The Solution Landscape Part 1: CDR
A few weeks ago, we raised the subject of clinical data repositories (CDRs) in a LinkedIn discussion and a subsequent blog about spawning acronyms in the clinical data field. While confusion as to what defines a CDR as distinct from a clinical data warehouse (CDW) continues to surface, one can think of a CDR as a consolidated storage of information (data and documents) for your clinical trials which includes workflow, security, tools for performing daily tasks, all under the umbrella of 21 CFR Part 11. Other definitions for a CDR have included operational data store, a data storage environment for multiple reporting and analysis uses, and – though perhaps a more dated definition -- an integrated source of clinical data and metadata sourced from various data sources and departments.
Among all this confusion, a defining characteristic of a CDR is that the data it extracts does not need to reside in a single data base or coherent structure, and it can support both structured datasets – CRO data, EDC data, safety data, patient data, etc. – and unstructured datasets – such as PDFs and Word documents.
The initial reasons for implementing a CDR were two-fold: first, for the purpose of statistical analysis, reporting and publication of clinical trial data; and second, for medical review decisions based on the safety and efficacy of pre-marketed drugs. But the value a CDR offers to a life sciences organization today is multifaceted. For example, companies want their CDRs to:
- Efficiently integrate data across multiple studies and across pipelines
- Support regulatory submissions and filings, locally and globally, including those conducted with partners, such as CROs
- Improve decision-making, ensure reports are produced promptly and accurately, and enable prompt responses to regulators and other departments within an organization, for example research, pharmacovigilance, senior management, etc.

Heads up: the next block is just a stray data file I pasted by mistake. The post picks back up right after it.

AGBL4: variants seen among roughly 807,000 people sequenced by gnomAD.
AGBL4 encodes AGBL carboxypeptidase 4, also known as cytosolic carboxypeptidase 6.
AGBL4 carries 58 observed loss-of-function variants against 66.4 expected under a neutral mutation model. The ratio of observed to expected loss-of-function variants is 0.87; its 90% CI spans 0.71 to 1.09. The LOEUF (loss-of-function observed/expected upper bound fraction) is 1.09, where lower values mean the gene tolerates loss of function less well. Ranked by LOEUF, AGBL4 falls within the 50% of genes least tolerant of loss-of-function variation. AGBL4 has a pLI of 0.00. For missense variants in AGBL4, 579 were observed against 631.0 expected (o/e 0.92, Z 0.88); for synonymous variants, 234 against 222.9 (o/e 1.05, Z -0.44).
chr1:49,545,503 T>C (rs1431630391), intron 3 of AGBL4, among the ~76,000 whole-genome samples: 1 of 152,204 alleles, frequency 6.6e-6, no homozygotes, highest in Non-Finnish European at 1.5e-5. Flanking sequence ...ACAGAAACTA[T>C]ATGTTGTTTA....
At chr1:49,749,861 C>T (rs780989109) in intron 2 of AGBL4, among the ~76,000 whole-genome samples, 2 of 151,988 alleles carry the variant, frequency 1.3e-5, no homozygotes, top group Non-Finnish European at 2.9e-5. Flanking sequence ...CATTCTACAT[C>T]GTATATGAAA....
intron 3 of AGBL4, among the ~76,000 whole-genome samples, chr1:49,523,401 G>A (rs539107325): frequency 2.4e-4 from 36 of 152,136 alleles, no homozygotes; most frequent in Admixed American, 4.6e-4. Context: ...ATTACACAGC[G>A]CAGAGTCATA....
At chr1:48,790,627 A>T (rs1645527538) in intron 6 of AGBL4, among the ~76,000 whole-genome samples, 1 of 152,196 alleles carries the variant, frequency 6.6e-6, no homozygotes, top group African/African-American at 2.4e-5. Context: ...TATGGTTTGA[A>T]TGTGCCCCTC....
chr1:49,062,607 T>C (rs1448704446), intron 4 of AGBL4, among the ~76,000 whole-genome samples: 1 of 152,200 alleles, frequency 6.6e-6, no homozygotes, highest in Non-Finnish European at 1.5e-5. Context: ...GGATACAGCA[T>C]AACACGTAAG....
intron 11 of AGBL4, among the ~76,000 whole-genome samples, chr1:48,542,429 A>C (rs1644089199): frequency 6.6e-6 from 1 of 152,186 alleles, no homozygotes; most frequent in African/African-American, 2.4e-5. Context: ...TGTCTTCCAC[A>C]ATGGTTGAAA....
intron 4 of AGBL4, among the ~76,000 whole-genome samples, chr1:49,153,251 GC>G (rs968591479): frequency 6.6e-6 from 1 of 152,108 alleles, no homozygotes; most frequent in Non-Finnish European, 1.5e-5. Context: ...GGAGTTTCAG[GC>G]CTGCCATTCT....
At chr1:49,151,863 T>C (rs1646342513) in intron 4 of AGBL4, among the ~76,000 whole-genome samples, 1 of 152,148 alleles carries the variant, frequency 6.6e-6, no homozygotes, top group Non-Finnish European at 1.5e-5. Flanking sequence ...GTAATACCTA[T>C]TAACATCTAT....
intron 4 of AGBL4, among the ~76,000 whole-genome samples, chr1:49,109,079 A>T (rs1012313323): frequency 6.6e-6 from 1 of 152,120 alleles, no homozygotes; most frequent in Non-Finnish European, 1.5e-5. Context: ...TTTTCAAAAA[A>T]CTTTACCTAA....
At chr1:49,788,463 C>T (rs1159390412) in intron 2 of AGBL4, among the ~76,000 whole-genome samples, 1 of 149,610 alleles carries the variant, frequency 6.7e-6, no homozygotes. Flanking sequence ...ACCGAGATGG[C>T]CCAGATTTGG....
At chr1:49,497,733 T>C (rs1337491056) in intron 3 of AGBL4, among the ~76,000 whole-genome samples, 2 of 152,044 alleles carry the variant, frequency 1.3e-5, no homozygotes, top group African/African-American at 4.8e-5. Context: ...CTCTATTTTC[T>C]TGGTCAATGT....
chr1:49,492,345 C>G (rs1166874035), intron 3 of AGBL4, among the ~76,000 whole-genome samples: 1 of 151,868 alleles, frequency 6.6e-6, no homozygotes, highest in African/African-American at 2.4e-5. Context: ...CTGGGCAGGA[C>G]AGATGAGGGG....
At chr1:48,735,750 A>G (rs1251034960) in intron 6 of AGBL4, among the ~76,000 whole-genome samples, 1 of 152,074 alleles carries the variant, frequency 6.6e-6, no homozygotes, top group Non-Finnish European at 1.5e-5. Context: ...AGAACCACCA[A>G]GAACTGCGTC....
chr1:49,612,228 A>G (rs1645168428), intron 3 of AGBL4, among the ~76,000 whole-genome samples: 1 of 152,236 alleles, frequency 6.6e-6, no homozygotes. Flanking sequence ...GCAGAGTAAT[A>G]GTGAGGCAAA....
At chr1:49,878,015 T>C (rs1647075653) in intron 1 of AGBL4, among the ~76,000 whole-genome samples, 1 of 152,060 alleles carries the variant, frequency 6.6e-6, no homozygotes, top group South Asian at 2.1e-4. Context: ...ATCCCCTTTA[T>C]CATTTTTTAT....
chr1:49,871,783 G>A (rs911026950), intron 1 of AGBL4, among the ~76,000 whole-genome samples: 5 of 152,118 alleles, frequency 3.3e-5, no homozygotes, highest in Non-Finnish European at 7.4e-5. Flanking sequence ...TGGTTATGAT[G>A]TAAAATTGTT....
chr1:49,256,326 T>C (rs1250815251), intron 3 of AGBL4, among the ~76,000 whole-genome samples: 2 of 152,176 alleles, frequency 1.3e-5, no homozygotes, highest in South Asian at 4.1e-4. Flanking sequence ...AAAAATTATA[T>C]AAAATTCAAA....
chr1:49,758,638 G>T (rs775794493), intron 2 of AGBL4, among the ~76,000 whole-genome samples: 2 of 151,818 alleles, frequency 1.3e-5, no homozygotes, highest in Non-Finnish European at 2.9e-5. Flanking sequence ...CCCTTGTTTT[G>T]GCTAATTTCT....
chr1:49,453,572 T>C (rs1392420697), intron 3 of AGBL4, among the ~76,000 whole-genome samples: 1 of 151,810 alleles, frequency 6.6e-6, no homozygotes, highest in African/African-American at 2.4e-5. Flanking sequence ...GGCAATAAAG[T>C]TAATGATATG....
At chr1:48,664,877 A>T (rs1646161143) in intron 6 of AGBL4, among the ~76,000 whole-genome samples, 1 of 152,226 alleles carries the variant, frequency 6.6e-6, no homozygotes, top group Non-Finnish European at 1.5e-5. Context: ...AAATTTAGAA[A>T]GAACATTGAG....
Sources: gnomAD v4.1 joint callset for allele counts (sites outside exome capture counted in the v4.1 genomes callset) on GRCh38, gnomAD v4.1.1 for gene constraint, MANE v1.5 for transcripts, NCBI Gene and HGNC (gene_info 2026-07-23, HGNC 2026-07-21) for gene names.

- Support clinical development programs in a 21 CFR Part 11 compliant environment, and store data in a structured and secure manner to support reproducibility
This wide range of ‘requirements’ makes finding and evaluating a solution challenging. The functional requirements of a CDR will vary depending on the needs of the organization,. It is quite common for the requirements of the system to be incomplete. When the requirements are not clearly defined and prioritized, it is possible to spend lots of money on something that doesn’t fully meet the needs of the organization. Companies must also realize that meeting all their fairy tale list of requirements is just not practical with one solution.
Finding a Fit
Implementation of a CDR can be a complex and potentially disruptive task for companies already struggling with keeping up with the day to day work of running their clinical trials and supporting submissions. Before selecting a solution, companies need to ascertain their needs, priorities, budget, and the flexibility and the scalability of current offerings. In addition, d-Wise believes it is important to identify stakeholders to identify pain points, ascertain the barriers to generating reports or performing analyses, determine the challenges in using data, and assess what potential needs might be moving forward.
d-Wise has the unique experience of working with and implementing a full range of CDR solutions. In addition, d-Wise has helped customers who are not ready to take on the huge cost and effort of implementing a CDR by helping them build and rollout their own solution. This breadth of experience along with being vendor and platform agnostic allows d-Wise to leverage new capabilities and ensure CDR implementations keep pace with regulatory changes. Also important is the ability to respond to the varying needs of pharma companies, including service flexibility, cost containment, less configuration, and the ability to personalize a solution.